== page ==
Keep in mind that internal links are most effective at improving click depth when published on subpages with a low click depth. You can add internal links to all your website’s subpages, but those published on subpages with a click depth level of one to three are most beneficial because they are close to the homepage.
Another way to improve your website’s click depth is to use breadcrumbs for supplemental navigation. What are breadcrumbs? In the context of web development, the term “breadcrumbs” refers to links in a user-friendly navigation system that shows visitors the depth of a subpage’s location in relation to the homepage. An e-commerce website, for instance, may use the following breadcrumbs on the product page for a pair of men’s jeans: Homepage > Men’s Apparel > Jeans > Product Page. Visitors to the product page can click the breadcrumb links to go up one or more levels.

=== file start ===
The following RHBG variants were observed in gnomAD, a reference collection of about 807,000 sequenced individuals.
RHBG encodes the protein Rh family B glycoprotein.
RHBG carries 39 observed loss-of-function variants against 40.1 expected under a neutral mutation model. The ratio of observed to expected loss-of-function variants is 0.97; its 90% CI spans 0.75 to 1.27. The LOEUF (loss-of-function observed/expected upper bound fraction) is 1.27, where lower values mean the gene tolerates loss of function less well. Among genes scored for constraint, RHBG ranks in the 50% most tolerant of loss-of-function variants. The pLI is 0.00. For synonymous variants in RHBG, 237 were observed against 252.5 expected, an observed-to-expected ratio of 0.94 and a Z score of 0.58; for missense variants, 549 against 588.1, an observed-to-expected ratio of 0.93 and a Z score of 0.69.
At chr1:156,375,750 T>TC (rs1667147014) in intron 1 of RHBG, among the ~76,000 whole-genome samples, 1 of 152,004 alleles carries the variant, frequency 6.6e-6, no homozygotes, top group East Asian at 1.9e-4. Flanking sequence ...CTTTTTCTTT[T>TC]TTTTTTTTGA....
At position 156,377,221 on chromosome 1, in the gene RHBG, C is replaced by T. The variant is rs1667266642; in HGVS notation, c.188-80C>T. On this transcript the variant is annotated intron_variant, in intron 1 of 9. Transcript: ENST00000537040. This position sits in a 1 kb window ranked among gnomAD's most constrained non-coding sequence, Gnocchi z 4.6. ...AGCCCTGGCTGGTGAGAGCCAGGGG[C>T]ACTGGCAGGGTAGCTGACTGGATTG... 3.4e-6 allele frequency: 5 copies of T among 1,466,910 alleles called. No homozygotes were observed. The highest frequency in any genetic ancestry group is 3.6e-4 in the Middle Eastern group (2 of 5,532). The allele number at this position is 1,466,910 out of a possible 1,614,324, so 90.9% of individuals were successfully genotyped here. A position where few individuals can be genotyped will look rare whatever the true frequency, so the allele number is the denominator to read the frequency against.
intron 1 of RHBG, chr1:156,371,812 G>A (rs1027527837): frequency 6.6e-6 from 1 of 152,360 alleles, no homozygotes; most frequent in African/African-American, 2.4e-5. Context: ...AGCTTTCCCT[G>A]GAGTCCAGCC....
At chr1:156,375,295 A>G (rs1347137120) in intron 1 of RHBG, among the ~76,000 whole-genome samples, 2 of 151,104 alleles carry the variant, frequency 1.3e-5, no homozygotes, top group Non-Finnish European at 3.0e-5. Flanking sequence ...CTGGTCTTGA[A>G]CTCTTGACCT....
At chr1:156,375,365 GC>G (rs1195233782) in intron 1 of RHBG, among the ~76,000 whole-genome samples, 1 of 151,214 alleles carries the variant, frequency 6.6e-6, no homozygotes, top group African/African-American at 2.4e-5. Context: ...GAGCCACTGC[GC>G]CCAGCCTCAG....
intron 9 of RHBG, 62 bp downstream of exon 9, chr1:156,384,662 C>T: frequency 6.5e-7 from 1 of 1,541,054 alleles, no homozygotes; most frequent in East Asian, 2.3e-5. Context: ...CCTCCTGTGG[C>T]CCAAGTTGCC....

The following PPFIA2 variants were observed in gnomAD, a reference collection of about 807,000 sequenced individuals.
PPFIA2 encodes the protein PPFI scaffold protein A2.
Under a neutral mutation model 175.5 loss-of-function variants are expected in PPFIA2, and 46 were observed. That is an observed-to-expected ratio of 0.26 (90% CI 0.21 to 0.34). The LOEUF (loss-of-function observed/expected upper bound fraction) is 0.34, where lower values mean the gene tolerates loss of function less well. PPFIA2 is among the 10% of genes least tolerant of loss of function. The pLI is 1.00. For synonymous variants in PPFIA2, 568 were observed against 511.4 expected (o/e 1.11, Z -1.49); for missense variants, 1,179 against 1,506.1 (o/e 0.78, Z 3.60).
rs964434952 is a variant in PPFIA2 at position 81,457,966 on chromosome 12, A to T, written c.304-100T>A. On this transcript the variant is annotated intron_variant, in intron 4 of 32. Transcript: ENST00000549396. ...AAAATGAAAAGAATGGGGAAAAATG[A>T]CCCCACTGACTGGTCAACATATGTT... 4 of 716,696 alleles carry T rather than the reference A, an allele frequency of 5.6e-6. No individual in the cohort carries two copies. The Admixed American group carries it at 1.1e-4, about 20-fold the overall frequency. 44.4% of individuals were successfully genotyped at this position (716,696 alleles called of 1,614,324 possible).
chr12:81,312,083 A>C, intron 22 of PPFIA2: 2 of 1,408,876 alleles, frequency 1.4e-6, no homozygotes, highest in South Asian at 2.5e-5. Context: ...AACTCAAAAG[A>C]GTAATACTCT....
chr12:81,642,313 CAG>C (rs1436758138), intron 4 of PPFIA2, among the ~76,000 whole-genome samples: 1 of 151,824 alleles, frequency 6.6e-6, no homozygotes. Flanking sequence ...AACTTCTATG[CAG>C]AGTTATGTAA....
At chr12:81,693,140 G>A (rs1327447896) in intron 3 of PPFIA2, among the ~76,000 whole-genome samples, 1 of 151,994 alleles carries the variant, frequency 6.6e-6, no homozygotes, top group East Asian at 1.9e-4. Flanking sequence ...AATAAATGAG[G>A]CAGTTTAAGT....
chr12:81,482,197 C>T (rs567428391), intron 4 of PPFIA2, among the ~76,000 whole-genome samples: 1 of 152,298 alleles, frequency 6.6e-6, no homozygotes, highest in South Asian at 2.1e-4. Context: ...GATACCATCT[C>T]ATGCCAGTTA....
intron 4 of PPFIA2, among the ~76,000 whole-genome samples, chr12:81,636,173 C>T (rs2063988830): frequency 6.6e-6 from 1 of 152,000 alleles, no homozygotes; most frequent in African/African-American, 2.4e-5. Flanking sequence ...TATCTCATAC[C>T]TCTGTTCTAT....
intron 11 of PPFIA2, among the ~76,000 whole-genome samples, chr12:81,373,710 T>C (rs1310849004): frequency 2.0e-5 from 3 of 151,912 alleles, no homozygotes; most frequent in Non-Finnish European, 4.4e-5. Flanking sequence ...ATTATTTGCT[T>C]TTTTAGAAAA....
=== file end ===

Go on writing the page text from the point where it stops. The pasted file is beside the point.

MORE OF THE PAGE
Breadcrumbs shouldn’t be as a substitute for your website’s navigation menu. Rather, you should use them as a supplemental form of navigation. Add breadcrumbs to each subpage to show visitors where they are currently located on your website in relation to the homepage. You can add breadcrumbs manually, or if your website is built on WordPress, you can use a plugin to add them automatically. Yoast SEO and Breadcrumb NavXT are two popular plugins that feature breadcrumbs. Once they are activated, you can configure either of these plugins to automatically integrate breadcrumbs into your website’s pages and posts.